Daredevil #1 | Daredevil Is Back Home And Kicking Ass

Daredevil #1 | Daredevil Is Back Home And Kicking Ass


Marvel Comics’ Daredevil is back in New York with a return to his dark, gritty best as Charles Soule and Ron Garney take Matt Murdock back to his roots.


Introducing a new ongoing series which will review, critique and comment on current comic runs and new titles hitting comic book shelves. Some will be advance reviews, others my thoughts on what I’ve been reading lately.


 

Daredevil (2014) #1Beginning in March 2014, the previous eighteen issue run of Daredevil comics was an unlikely victim of the success of Netflix’s dark and violent on-screen portrayal of the ‘Man Without Fear‘. Writer, Mark Waid, had sought to dramatically reinvent the character without compromising his origin story but wound up with a book straying far from the beaten path and completely out of synch with a new tone for a long established character.

With his hero identity now public knowledge and preventing him from practicing law in New York, Matt Murdock relocated to San Francisco, started a new failing firm with his girlfriend whilst his long term business partner and friend Foggy Nelson, presumed by all to be dead, recovered from cancer away from the limelight whilst ghost writing the Matt Murdock / Daredevil memoirs. Setting the spotlight more on Matt Murdock than his alter-ego Waid’s concept initially worked perfectly well with a fresh perspective on a familiar story. As the run progressed, however, the storyline began to move further away from the Daredevil canon comic fans had become accustomed to with a dramatic misjudgement on the writer’s behalf when the trademark scarlet costume was retired entirely in favour of a regular suit and tie combo. The thinking being, why would a hero whose identity was known by all need a costume at all? A fair point, but somewhat missing the point of the appeal of a superhero comic book.

Although well presented with a modern sense of style to it, the bright, clear artwork of Chris Samnee coupled with the generally ‘chipper’ feel of Waid’s writing presented a very different Daredevil to that which comic fans were accustomed to and to the one that hit Netflix in April 2015. Graphic, violent, gritty and realistic, the television show quickly gained traction with existing fans whilst bringing in a whole new audience attracted by both critical and public acclaim. In the blink of an eye the comic run looked very soft in comparison and ultimately came to an end in September this year.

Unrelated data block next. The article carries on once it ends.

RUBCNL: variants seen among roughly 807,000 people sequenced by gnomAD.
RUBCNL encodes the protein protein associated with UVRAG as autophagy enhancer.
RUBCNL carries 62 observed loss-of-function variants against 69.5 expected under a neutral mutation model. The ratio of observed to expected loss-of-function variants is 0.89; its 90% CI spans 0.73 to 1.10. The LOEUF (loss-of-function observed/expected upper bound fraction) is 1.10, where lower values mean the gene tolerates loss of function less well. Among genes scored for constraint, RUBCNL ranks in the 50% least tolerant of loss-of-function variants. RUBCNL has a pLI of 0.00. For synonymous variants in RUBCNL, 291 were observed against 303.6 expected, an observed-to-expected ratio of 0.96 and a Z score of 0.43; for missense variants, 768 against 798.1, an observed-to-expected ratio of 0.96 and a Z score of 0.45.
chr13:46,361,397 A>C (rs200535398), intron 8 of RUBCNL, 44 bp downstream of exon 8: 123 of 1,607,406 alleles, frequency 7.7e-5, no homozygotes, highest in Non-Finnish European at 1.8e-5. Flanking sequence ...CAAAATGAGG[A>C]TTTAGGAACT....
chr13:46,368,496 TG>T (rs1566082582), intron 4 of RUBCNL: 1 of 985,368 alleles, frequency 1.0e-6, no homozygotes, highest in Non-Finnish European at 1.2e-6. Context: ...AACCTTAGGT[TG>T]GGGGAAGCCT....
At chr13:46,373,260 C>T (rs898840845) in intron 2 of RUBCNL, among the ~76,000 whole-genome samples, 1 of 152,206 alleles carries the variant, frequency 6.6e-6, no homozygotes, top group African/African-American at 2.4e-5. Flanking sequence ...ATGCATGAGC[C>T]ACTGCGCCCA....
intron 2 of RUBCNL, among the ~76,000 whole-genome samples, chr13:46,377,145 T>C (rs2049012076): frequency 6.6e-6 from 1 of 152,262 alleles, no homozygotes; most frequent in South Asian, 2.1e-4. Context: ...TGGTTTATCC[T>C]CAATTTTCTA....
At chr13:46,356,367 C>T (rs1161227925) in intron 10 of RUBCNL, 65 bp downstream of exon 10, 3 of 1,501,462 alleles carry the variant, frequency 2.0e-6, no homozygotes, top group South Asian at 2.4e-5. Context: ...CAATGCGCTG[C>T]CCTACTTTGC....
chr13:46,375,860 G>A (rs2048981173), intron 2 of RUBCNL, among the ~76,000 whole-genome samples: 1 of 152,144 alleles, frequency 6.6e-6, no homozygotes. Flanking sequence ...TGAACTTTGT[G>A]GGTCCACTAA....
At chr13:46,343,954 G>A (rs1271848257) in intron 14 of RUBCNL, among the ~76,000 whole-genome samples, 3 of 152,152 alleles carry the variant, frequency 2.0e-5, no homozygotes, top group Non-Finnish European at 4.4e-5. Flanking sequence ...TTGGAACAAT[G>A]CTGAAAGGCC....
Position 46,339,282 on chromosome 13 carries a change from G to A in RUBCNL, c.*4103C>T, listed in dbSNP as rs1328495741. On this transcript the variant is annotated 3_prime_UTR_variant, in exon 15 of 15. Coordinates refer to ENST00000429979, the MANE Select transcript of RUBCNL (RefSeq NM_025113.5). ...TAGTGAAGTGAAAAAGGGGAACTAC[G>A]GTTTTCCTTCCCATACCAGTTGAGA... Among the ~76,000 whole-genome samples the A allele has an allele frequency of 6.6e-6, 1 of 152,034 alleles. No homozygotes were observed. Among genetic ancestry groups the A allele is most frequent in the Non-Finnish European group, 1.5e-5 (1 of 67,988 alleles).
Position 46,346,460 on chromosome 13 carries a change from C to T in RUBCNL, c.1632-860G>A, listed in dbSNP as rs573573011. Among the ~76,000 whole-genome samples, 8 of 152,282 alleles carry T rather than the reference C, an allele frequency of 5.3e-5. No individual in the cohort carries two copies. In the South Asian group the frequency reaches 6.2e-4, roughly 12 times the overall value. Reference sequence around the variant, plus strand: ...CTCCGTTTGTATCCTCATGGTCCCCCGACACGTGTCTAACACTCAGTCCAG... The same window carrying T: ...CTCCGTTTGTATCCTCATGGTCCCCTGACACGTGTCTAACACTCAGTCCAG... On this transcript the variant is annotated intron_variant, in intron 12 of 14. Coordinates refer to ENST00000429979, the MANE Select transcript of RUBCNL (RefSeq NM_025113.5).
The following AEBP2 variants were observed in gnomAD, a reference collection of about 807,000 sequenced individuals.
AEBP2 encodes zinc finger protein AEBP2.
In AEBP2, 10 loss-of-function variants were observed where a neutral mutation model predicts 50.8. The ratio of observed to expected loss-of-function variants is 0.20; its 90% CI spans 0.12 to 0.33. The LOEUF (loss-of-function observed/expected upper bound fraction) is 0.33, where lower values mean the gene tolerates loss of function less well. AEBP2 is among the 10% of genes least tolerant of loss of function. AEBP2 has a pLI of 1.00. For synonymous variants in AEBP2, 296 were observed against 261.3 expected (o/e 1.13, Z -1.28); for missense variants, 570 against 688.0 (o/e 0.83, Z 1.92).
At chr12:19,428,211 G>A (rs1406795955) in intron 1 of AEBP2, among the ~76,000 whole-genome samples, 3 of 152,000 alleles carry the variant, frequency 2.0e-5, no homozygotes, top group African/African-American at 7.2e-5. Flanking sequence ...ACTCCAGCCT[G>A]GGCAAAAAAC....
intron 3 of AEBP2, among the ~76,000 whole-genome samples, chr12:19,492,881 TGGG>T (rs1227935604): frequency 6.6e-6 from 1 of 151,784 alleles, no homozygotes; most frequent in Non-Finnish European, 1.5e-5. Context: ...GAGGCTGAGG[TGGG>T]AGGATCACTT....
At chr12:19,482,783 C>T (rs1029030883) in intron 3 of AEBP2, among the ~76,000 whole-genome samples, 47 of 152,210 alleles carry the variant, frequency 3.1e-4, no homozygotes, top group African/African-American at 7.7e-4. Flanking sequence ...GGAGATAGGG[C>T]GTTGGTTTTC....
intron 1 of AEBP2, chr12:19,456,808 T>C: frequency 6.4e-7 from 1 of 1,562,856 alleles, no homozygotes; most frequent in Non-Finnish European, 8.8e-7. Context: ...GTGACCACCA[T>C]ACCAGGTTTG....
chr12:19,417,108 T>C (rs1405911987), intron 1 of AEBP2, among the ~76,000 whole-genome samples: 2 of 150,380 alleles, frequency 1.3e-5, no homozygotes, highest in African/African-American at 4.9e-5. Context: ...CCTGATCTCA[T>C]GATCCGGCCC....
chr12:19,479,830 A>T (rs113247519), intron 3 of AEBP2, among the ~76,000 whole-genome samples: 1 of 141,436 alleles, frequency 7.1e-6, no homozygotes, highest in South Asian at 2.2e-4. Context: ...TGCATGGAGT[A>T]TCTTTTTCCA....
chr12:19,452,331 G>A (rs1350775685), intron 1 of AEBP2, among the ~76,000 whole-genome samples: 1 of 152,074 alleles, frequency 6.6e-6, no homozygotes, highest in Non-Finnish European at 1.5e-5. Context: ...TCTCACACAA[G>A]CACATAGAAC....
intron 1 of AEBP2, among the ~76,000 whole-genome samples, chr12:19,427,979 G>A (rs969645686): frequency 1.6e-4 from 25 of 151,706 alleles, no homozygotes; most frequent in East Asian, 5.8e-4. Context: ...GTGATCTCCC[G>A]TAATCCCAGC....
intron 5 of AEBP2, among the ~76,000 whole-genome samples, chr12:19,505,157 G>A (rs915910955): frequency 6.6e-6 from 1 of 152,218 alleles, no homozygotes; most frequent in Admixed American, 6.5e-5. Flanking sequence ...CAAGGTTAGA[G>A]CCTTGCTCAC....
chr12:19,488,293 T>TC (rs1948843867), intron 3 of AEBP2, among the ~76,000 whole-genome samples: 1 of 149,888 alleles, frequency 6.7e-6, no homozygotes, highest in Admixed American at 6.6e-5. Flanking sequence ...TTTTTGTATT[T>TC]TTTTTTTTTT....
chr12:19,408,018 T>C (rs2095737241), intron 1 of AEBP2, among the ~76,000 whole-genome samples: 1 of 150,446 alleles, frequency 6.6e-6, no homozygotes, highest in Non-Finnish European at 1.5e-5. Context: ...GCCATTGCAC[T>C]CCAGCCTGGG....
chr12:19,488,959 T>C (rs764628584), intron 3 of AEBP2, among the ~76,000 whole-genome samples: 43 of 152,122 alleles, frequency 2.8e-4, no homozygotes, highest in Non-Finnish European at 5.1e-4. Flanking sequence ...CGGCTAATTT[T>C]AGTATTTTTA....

Daredevil #1This week saw the return of the Man Without Fear in the all new Daredevil #1. A fresh ongoing series written by Charles Soule and illustrated by Ron Garney promptly brushes the events of the previous run under the carpet and returns the titular character back to Hell’s Kitchen. From the opening page we find Daredevil thrust into the murky underworld of the New York gang scene and an uncompromising fight scene depicted with violence.

Now donning a black costume with red accents there’s a return to the seriousness of Daredevil whose glowing red eyes set a sinister presence. Garney’s comic noir style of art accentuates the tone of the comic perfectly. The duality of Murdock’s livelihood is akin to classic Daredevil with the hero presenting the opportunity for the professional to uphold justice. One change to the familiar story for Murdock is his role in the law. No longer a defense attorney Matt Murdock is now a prosecutor for New York City giving the opportunity to show a more aggressive side to his personality. With a new protege by his side readers are left guessing whether Daredevil‘s trust in Blindspot is misguided as he appears to be working alongside gang leader Ten Fingers.

Daredevil #1 Hip-Hop Variant

Daredevil #1 hits all the right spots for me and shows a great deal of promise if the run continues in the same vein as it has begun. As with most Marvel titles this one is no exception in taking it’s own path, independent of other mediums. What it does very well is maintain the tone of the television show whilst never losing its comic identity. It’s dark and uncompromising in its portrayal of the criminal underworld and remains faithful to the source material. Definitely one for the pull list.

Daredevil #1 is available from comic shops and online now. Keep an eye out for the collectable Hip-Hop variant cover of this title and other top Marvel comics.

 



Will Harrison

About the author | Will Harrison

Founder of The Unheard Nerd. A husband and father of two girls, Will is a fan of Nerdcore Hip-Hop, a comics fiend, a podcast host and champion of independent nerd culture. | Follow will on twitter: @TheUnheardNerd

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